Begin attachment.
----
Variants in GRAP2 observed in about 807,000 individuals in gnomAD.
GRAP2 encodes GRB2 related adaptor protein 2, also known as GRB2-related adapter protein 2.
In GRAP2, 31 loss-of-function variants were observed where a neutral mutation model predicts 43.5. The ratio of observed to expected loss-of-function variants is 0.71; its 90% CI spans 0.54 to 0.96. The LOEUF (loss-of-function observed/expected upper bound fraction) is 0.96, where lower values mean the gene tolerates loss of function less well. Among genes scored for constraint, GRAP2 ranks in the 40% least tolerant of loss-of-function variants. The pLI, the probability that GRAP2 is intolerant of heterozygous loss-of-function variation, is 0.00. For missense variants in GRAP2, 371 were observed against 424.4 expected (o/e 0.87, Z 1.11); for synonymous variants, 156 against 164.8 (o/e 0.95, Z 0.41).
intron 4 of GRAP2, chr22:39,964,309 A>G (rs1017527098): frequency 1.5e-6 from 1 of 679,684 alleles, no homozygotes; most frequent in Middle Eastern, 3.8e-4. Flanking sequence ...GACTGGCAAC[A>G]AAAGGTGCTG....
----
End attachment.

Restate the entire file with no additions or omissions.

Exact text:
Variants in GRAP2 observed in about 807,000 individuals in gnomAD.
GRAP2 encodes GRB2 related adaptor protein 2, also known as GRB2-related adapter protein 2.
In GRAP2, 31 loss-of-function variants were observed where a neutral mutation model predicts 43.5. The ratio of observed to expected loss-of-function variants is 0.71; its 90% CI spans 0.54 to 0.96. The LOEUF (loss-of-function observed/expected upper bound fraction) is 0.96, where lower values mean the gene tolerates loss of function less well. Among genes scored for constraint, GRAP2 ranks in the 40% least tolerant of loss-of-function variants. The pLI, the probability that GRAP2 is intolerant of heterozygous loss-of-function variation, is 0.00. For missense variants in GRAP2, 371 were observed against 424.4 expected (o/e 0.87, Z 1.11); for synonymous variants, 156 against 164.8 (o/e 0.95, Z 0.41).
intron 4 of GRAP2, chr22:39,964,309 A>G (rs1017527098): frequency 1.5e-6 from 1 of 679,684 alleles, no homozygotes; most frequent in Middle Eastern, 3.8e-4. Flanking sequence ...GACTGGCAAC[A>G]AAAGGTGCTG....